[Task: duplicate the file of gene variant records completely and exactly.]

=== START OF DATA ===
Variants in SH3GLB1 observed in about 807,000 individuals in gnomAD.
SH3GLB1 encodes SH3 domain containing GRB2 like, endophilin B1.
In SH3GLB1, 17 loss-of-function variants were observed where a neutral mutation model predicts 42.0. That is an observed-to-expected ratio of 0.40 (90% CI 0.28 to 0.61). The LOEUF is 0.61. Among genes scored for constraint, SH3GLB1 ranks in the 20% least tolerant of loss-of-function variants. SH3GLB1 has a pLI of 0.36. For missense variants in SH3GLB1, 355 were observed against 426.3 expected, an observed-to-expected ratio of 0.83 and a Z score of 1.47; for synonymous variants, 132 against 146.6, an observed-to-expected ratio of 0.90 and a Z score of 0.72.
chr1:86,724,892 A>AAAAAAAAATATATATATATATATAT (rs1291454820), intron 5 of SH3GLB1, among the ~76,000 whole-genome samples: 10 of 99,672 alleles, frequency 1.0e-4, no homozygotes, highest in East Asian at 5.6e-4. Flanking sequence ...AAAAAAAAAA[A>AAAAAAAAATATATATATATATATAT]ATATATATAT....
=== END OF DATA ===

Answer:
Variants in SH3GLB1 observed in about 807,000 individuals in gnomAD.
SH3GLB1 encodes SH3 domain containing GRB2 like, endophilin B1.
In SH3GLB1, 17 loss-of-function variants were observed where a neutral mutation model predicts 42.0. That is an observed-to-expected ratio of 0.40 (90% CI 0.28 to 0.61). The LOEUF is 0.61. Among genes scored for constraint, SH3GLB1 ranks in the 20% least tolerant of loss-of-function variants. SH3GLB1 has a pLI of 0.36. For missense variants in SH3GLB1, 355 were observed against 426.3 expected, an observed-to-expected ratio of 0.83 and a Z score of 1.47; for synonymous variants, 132 against 146.6, an observed-to-expected ratio of 0.90 and a Z score of 0.72.
chr1:86,724,892 A>AAAAAAAAATATATATATATATATAT (rs1291454820), intron 5 of SH3GLB1, among the ~76,000 whole-genome samples: 10 of 99,672 alleles, frequency 1.0e-4, no homozygotes, highest in East Asian at 5.6e-4. Flanking sequence ...AAAAAAAAAA[A>AAAAAAAAATATATATATATATATAT]ATATATATAT....